language models, word embeddings, affect meaning, lexical semantics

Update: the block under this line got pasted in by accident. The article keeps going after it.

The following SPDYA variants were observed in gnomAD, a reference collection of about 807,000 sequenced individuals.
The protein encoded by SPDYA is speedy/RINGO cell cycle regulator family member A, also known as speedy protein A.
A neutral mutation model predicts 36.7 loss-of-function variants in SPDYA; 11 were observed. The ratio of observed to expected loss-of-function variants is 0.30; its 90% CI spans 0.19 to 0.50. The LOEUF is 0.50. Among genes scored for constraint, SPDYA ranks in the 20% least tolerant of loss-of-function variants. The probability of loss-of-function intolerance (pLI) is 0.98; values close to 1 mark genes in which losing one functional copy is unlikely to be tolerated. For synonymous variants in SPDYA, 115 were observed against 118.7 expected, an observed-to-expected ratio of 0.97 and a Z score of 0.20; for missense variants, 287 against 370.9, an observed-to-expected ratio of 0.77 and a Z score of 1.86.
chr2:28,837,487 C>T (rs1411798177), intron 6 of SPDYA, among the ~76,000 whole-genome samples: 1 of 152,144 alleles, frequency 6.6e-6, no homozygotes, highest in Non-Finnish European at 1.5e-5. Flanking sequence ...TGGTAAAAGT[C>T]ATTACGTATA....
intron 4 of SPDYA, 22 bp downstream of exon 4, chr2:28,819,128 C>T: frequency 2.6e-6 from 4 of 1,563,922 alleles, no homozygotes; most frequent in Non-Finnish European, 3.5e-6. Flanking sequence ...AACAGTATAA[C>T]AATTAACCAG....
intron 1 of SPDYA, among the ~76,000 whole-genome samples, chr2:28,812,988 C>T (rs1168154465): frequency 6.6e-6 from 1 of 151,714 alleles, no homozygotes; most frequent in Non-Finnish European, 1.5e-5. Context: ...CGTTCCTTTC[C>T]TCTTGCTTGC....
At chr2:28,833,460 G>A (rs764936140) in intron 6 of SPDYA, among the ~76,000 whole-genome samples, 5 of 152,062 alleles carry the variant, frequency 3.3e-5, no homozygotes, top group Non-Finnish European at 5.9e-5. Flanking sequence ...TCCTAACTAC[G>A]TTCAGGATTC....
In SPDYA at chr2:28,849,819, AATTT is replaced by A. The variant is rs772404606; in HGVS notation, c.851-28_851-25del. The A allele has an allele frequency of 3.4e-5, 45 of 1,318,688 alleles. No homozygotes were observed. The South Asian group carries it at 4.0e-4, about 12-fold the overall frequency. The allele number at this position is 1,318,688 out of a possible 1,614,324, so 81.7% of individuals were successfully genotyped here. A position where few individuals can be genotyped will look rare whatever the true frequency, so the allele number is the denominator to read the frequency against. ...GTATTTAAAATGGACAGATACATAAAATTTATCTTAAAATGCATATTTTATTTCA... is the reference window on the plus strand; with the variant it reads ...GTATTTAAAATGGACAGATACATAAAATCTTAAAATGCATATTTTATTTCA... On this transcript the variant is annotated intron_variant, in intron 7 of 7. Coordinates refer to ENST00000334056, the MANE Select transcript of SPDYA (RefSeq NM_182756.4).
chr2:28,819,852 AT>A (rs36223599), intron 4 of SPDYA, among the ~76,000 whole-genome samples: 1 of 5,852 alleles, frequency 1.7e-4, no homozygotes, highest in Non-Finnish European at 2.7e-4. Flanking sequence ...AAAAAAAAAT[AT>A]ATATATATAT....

A growing body of research in natural language processing (NLP) and natural language understanding (NLU) is investigating human-like knowledge learned or encoded in the word embeddings from large language models. This is a step towards understanding what knowledge language models capture that resembles human understanding of language and communication. Here, we investigated whether and how the affect meaning of a word (i.e., valence, arousal, dominance) is encoded in word embeddings pre-trained in large neural networks. We used the human-labeled dataset (Mohammad 2018) as the ground truth and performed various correlational and classification tests on four types of word embeddings. The embeddings varied in being static or contextualized, and how much affect specific information was prioritized during the pre-training and fine-tuning phase. Our analyses show that word embedding from the vanilla BERT model (Devlin et al. 2019) did not saliently encode the affect information of English words. Only when the BERT model was fine-tuned on emotion related tasks or contained extra contextualized information from emotion-rich contexts could the corresponding embedding encode more relevant affect information.